At the 1997 Final Four, I attended a business meeting that included the commissioners of the major conferences. I wasn’t there to cover it, not that there was anything to report.
That year, I served as president of the Football Writers Association of America, and the commissioners wanted to know if I thought our group would be interested in conducting a weekly football poll.
The Associated Press poll of media representatives and the coaches’ poll had long been established. I wasn’t sure why an additional one was needed. The commissioners said something about contributing to the game’s interest and engaging a voting panel of longstanding reporters who regularly covered the sport.
But the real motive, we all learned later, was the Bowl Championship Series. The sports’ leaders were looking for ways to find the final two teams to meet for what they believed would be an undisputed — or at least, less disputed — national championship.
I told the commissioners the membership would be surveyed, and later told them prospects appeared good. But, for reasons I cannot recall, the poll never took shape.
The BCS did, however, and today, the final game operated under college football’s championship system since 1998 will be played between Florida State and Auburn.
There’s symmetry to the matchup. In January 1999, the Seminoles met a Southeastern Conference team for the first BCS title, won by Tennessee.
With the handoff of the crystal ball from BCS president Bill Hancock to either Florida State’s Jimbo Fisher or Auburn’s Gus Malzahn, an era in college football will conclude, and the immediate consensus will be, good riddance.
In the last few years, the BCS grew so unpopular in some circles that the system could have delivered an ideally matched title game and four major bowls of exquisite drama and not escape ridicule.
Like this year.
Nobody has disputed Florida State and Auburn in the championship, and there was little to grouse about the Rose, Fiesta, Sugar and Orange matchups. Yet, the prevailing sense here is the BCS outlived its usefulness about 15 years ago.
“People forget,” Hancock said.
Yes they do. They forget that before the BCS, certain national championship games could not be arranged. If the Big Ten or Pac-10 was involved, forget about it. They had their Rose Bowl.
But then-SEC commissioner and BCS architect Roy Kramer persuaded all the conferences and major bowls to go along. Fans wanted a final clash of top teams without pollsters deciding the champion, the BCS founding fathers argued, and they were right.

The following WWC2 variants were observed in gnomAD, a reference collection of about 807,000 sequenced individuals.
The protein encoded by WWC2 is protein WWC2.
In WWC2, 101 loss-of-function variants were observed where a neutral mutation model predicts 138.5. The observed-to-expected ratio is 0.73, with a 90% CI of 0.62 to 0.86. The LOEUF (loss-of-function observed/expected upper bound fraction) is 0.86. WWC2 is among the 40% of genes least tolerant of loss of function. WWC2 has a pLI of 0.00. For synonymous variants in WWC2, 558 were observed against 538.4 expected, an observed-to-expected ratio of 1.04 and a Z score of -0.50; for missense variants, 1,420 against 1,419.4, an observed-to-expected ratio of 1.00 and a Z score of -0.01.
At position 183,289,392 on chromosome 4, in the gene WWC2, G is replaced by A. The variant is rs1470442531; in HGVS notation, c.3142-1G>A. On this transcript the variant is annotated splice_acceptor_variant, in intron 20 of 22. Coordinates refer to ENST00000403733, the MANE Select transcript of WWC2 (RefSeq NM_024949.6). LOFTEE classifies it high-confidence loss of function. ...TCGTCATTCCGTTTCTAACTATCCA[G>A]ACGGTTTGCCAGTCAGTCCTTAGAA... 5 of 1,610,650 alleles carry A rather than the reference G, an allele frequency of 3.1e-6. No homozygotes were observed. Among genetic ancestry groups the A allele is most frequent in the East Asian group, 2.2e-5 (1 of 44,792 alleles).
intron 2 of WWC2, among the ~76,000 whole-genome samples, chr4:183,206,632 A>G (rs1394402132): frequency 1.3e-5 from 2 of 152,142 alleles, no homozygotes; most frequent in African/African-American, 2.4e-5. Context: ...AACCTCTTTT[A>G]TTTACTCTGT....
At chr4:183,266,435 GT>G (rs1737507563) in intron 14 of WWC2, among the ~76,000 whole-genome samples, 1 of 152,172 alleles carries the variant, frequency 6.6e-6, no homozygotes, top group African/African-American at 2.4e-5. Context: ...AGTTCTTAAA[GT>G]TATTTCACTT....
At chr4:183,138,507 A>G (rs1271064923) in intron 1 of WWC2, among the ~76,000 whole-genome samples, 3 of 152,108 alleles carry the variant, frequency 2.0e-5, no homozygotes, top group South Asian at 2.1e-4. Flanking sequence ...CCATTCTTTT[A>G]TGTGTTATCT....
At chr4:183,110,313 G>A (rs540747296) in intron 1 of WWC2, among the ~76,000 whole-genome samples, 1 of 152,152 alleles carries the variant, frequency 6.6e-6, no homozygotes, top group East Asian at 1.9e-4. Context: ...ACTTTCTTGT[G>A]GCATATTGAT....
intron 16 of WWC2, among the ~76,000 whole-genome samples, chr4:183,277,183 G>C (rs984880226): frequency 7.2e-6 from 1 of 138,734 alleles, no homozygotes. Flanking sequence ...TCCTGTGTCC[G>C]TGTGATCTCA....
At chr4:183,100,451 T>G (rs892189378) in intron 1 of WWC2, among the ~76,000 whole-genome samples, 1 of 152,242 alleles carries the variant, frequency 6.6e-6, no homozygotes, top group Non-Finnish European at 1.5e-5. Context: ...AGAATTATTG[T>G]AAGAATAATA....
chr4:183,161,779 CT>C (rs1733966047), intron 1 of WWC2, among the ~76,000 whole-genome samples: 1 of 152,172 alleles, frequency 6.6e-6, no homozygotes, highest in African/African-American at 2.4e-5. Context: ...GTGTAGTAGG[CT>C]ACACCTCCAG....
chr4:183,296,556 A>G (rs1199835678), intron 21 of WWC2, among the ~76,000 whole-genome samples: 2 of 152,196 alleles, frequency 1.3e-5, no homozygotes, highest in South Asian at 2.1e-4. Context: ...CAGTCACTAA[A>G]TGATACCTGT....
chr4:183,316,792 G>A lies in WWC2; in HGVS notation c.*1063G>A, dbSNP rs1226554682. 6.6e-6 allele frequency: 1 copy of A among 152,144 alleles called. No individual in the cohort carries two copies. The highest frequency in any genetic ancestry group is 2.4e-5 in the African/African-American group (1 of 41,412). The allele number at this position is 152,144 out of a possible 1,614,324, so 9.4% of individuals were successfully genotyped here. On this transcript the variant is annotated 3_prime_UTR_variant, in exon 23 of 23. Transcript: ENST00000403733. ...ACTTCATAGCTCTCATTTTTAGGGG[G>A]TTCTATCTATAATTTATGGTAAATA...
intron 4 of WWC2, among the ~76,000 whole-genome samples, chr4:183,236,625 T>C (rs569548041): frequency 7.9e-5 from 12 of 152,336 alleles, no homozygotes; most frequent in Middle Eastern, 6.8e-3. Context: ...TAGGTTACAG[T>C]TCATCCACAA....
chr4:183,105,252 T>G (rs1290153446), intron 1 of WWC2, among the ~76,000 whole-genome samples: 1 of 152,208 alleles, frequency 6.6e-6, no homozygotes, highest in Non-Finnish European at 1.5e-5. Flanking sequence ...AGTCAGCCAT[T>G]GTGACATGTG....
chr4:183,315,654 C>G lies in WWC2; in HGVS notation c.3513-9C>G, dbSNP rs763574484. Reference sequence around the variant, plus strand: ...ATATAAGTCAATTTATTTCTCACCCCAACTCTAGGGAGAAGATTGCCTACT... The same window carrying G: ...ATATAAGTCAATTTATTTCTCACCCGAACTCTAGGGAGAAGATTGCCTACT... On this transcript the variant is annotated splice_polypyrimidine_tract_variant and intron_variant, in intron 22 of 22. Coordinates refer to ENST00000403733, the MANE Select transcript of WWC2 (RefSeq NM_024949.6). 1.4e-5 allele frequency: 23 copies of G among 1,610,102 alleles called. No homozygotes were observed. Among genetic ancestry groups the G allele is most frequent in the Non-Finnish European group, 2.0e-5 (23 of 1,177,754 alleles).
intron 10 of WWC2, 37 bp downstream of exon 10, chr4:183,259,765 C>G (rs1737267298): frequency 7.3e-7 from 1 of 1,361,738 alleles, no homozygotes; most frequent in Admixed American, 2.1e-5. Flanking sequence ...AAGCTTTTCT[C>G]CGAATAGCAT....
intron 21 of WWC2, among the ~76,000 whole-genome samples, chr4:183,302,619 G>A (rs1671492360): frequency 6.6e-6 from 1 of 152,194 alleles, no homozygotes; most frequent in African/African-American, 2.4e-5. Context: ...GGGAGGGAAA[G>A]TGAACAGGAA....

The problem was, the BCS got off to a confusing start. Difficult-to-explain computer polls damaged the system’s credibility.
Simply, the perception was the BCS wasn’t getting it right. For 2000, Florida State played Oklahoma for the championship, even though the Seminoles had finished with the same record as rival Miami, had lost to the Hurricanes and trailed them in the polls.
The next year, Nebraska lost its regular-season finale at Colorado by nearly four touchdowns, but the Cornhuskers found their way to the title game.
Oklahoma got crushed by Kansas State in the 2003 Big 12 championship game but had enough computer rating favor to advance to the title game.
“That’s the one that people had a difficult time understanding,” Hancock said.
After every season, BCS leaders — commissioners — had to explain and justify the system, and complaints grew louder. The book, “Death to the BCS,” written by Dan Wetzel, Josh Peter and Jeff Passan, was billed as “taking down the great Satan of college sports, the BCS.”
But inside the game, the system worked.
“We were excited,” said Florida State defensive-tackles coach Odell Haggins, the only member of the Seminoles staff who remains from the inaugural BCS game. “We were proud to be in it.”
The BCS era produced two of college football’s most memorable games: Ohio State over Miami in double overtime for the 2002 title, and Texas over USC for the 2005 championship. Neither would have happened without the BCS.
The BCS period will be remembered for SEC dominance, the beginning of greatness for coaches Nick Saban and Bob Stoops, the Reggie Bush-led Southern California run and scandal and Miami’s powerhouse team of 2001, the best of the first 15 BCS years.
It also will be known as the bridge for the College Football Playoff, four teams starting next year, and eventually a larger field.
Ultimately, the BCS will be remembered as an idea with some flaws, but a major step in the right direction of determining a college football champion.